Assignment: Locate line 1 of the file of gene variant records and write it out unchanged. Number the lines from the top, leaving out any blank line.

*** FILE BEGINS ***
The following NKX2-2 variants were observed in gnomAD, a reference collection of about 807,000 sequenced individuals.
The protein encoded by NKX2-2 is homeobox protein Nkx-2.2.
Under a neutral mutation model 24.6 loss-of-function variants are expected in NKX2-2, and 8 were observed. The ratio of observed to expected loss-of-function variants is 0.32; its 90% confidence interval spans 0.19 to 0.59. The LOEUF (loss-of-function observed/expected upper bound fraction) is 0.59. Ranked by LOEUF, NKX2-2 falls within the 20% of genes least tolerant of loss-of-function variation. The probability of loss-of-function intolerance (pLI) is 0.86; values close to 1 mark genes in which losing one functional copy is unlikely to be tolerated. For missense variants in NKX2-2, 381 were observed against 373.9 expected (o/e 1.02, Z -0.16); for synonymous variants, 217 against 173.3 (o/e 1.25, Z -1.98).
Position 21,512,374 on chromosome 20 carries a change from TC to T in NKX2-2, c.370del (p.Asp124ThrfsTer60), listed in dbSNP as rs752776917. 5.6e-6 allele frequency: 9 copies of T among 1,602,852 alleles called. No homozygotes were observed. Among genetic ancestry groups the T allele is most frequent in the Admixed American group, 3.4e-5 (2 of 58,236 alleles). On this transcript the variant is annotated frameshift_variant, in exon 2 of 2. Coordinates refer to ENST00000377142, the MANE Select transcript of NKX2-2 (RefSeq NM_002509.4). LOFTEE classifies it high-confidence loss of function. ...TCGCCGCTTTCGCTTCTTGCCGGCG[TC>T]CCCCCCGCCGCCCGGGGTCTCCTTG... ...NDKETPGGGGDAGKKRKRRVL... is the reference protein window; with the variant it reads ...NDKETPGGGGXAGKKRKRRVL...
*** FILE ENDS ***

The following NKX2-2 variants were observed in gnomAD, a reference collection of about 807,000 sequenced individuals.